Title

Plant ecology and sustainability science

Document Type

Article

Publication Date

1-1-2014

Abstract

Sustainability is concerned with meeting the essential needs of the large numbers of people on this planet whose needs are not being met. The novel insight provided by the concept of sustainability is that humans and their local and global environments exist as complex social-ecological systems. Sustainability science is a new field of research that deals with the interactions between natural and social systems and with how those interactions affect the challenges of sustainability. In sustainability science, human/nonhuman and basic/applied dichotomies are abandoned for a new way of viewing the natural world - one in which human demands on global ecosystems is integrated into the capacity of those ecosystems to persist. Developing the science of sustainability forces a deep questioning of what the appropriate role of science in society is. The focus of sustainability science and most modern socio-ecological studies is to work for improvements in human health, ecosystem health, societal health, and economic health. One of the best examples of how the new conceptual model of sustainability science has been put into practice is in the Millennium Ecosystem Assessment. This is a paradigmatic example of how sustainability science, working at scales from local to global and studying processes occurring from short to long time scales, fully integrates existing knowledge into a framework useful for supporting sustainability. All systems consist of three component categories: parts, interconnections, and functions. The concept of sustainability as operationalized in sustainability science reminds us to have a conversation: How should the current social-ecological system be replaced with one that has, as its purpose, human well-being? Further, sustainability reminds us that there is no human well-being that is separate from the well-being of the social-ecological system as a whole.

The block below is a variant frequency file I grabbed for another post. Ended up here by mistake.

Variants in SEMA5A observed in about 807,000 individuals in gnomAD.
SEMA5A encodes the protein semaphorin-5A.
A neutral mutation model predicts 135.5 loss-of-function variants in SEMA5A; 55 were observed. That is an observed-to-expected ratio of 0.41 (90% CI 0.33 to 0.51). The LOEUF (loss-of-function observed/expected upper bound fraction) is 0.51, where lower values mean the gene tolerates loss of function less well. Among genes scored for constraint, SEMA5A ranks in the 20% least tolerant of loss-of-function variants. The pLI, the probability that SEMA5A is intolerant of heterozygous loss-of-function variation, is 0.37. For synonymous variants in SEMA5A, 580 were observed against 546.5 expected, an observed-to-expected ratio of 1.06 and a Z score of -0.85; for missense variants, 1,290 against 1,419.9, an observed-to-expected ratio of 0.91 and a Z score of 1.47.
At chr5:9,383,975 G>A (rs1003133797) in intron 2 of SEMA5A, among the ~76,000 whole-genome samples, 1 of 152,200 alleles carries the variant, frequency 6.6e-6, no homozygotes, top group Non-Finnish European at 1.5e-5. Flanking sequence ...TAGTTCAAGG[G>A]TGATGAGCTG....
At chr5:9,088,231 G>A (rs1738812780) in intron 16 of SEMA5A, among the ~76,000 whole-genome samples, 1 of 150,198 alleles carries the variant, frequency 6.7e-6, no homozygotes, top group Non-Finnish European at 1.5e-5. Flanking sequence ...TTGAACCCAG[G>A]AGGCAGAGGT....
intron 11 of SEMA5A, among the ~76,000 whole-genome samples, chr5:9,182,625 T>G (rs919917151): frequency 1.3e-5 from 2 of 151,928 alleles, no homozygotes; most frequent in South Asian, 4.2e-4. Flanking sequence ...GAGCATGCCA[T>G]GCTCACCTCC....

Publication Name

Ecology and the Environment

First Page

631

Last Page

654

DOI

10.1007/978-1-4614-7501-9_18

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